• London hoteliers not deterred by Olympic room returns
• Green Street: Commercial property prices unchanged in January
• New England hotels post respectable 2011 results
• Kayak drops BlackBerry support
• Airlines January on-time performance strong
Do more rooms equal more problems? Not in London, where an influx of travelers leading up to the Olympic Games should provide ample opportunities for hoteliers to sell off the more than 120,000 roomnights returned by the London Organising Committee of the Olympic Games and Paralympic Games, reports HotelNewsNow.com correspondent Lisa Francesca Nand.
The terms of the deal with LOCOG, made when the bid was won in 2005, would have hotels provide approximately 40,000 rooms, representing more than 600,000 roomnights, to accommodate the Olympic entourage, which includes the Olympic Committee, media, International Sport Federations, Games sponsors and workers.
“We always promised that we would not hold on to hotel rooms we didn’t need but return them to the individual hotels at the beginning of 2012,” LOCOG CEO Paul Deighton said in a news release. “We are now doing this, and I hope that this enables the hotels to continue with their planning for this summer as we all work together to stage a spectacular Games.”
Reps from InterContinental Hotels Group and Travelodge seem unfazed by this and are eager to introduce even more rooms in the market before the Olympic flame is brought to London. IHG will open two new hotels before the Games, while Travelodge will open 11.
The Green Street Advisors Commercial Property Price Index was unchanged during January. After a two-year rally that saw pricing rebound to within 10% of its all-time highs, commercial property values stalled during the past several months. A low-return environment, the primary catalyst for earlier gains, is still here, but an uncertain economic outlook held back gains.
By property type, apartment values have been the strongest, surpassing their prior highs, while values of office and hotel properties are furthest from their 2007 peak. Office buildings in Manhattan, the country’s largest office market, are approximately 20% below their prior highs.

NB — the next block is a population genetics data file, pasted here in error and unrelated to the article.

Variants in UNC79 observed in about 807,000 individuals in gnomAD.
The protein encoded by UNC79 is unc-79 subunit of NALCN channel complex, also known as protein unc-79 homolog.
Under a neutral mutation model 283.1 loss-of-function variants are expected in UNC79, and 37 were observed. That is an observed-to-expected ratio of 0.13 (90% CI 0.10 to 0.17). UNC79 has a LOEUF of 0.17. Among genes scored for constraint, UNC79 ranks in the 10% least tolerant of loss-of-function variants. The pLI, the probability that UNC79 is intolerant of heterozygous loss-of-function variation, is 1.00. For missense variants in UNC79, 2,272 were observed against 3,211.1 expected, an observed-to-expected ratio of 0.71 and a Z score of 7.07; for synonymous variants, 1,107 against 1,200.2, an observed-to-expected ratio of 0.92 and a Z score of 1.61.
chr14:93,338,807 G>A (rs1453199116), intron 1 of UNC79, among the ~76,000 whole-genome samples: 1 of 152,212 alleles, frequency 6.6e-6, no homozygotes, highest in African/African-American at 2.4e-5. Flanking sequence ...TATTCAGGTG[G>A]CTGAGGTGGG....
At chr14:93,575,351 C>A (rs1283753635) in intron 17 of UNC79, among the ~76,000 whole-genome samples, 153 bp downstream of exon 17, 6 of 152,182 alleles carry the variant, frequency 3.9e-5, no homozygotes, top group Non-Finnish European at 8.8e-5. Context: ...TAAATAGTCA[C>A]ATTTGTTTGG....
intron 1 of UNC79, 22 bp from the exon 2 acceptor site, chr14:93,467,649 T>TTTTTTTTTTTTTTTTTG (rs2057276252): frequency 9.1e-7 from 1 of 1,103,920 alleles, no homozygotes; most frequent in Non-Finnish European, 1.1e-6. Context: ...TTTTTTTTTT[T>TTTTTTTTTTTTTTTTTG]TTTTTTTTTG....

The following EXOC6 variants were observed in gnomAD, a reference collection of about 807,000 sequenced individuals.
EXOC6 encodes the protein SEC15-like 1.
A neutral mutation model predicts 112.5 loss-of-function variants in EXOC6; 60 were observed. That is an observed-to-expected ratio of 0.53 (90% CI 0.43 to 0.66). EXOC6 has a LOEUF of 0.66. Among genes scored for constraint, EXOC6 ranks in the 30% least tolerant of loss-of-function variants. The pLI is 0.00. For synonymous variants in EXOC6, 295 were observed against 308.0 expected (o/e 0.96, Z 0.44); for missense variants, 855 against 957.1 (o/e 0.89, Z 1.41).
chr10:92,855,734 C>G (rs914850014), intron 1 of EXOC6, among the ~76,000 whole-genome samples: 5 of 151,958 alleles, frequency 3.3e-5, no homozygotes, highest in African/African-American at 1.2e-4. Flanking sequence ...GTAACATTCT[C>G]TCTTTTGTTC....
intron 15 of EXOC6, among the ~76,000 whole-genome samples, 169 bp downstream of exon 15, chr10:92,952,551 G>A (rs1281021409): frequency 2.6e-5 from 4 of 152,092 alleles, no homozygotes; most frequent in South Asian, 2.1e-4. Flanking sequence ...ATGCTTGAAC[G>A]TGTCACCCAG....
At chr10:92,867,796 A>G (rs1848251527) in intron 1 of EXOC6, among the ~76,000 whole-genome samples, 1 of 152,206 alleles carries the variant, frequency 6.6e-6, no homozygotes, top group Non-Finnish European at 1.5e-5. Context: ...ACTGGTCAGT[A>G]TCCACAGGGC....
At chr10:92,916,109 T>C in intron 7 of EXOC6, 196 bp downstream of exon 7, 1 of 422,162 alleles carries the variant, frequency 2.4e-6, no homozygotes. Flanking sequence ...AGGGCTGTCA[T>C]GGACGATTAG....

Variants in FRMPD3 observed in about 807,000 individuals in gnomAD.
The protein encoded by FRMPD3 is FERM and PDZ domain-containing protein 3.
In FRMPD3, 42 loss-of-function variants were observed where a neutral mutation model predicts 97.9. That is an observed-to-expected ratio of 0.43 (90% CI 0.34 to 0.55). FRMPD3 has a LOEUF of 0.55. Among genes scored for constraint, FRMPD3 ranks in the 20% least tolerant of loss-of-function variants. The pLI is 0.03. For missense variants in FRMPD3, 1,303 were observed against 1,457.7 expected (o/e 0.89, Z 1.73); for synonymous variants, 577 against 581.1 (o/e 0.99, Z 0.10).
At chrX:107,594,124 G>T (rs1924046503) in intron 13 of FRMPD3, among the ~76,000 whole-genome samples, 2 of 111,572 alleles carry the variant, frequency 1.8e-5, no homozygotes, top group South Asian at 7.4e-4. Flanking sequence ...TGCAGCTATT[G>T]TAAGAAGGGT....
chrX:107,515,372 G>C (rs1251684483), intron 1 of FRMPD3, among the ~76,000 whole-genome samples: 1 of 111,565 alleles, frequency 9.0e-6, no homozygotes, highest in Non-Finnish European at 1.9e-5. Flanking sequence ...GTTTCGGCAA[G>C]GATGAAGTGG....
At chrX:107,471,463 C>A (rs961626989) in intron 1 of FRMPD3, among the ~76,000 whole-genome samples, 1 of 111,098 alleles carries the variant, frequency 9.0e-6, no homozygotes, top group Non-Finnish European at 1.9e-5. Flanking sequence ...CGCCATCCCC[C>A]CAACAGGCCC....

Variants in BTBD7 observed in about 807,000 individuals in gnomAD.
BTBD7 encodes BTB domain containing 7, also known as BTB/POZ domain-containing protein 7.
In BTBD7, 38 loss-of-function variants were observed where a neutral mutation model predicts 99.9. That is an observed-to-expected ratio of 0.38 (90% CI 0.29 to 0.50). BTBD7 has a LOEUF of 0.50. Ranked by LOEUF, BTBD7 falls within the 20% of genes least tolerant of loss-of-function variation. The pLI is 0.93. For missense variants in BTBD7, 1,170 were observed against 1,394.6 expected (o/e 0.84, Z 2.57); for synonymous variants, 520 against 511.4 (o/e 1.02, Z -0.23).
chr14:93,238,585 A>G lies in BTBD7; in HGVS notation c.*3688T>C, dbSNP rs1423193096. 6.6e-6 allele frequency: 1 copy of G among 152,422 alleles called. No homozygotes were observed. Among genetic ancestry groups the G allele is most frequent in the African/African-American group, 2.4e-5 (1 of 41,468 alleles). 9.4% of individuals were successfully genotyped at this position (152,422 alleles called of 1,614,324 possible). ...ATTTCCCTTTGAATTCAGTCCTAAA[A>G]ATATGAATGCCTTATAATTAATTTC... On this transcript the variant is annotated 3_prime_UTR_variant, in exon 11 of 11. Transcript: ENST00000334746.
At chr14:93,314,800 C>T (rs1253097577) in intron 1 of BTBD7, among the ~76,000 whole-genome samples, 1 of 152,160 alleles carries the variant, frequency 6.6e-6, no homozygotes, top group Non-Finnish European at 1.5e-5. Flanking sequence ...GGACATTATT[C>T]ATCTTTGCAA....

After dramatically outperforming the country as a whole during 2010, the New England region posted a respectable performance in 2011, according to Pinnacle Advisory Group, citing STR data. STR is the parent company of HotelNewsNow.com.
Revenue per available room for the region grew by 8.6% compared to a national average of 8.2%. Demand in the region was slightly above the national average. This, coupled with no growth in supply, helped increase occupancy by 5.2% compared to a national average of 4.4%. Average rates for the region grew by 3.2%, compared to 3.7% for the country as a whole.
The Greater Boston market's performance in 2011 was relatively strong given it was an off-year for conventions. This suggests a very strong convention year for Boston during 2012 should help that market area and the region as a whole to outperform the national average. Pinnacle is projecting RevPAR growth of 9.5% for the Boston/Cambridge market and growth of 9.2% for the Suburban Boston Market.
It’s a practical decision bred from the once-pioneering smartphone platform’s declining market share, Kayak said.
“When we started KAYAK in 2004, we issued BlackBerries (sic) to the entire engineering team so we could communicate instantly 24/7. Today we've all switched, and it seems our users are doing the same. Our audience of BlackBerry users has been declining precipitously, and we can't justify the cost any longer,” the statement reads.
The news highlights a broader trend that might give hotel marketers and information technology professionals pause: BlackBerry’s market share is down from 24% during the third quarter of 2010 to just 9% during the third quarter 2011, according to the most recent analysis from Canalys, a mobile data provider.
North America’s mild winter weather saw airline’s strong on-time performance continue during January. Operated flights arrived within 15 minutes of schedule nearly 80% of the time during the 31-day period, slightly up from December’s 78.9%, according to FlightStats.
When winter weather did affect flights, it was in places not usually subject to harsh weather. For example, record snow, ice and power outages slammed Seattle during January causing shutdowns at Seattle-Tacoma International Airport and negatively impacting Seattle-based Alaska Airlines.
North America's top 10 performing airlines and their on-time arrival percentages in January were:
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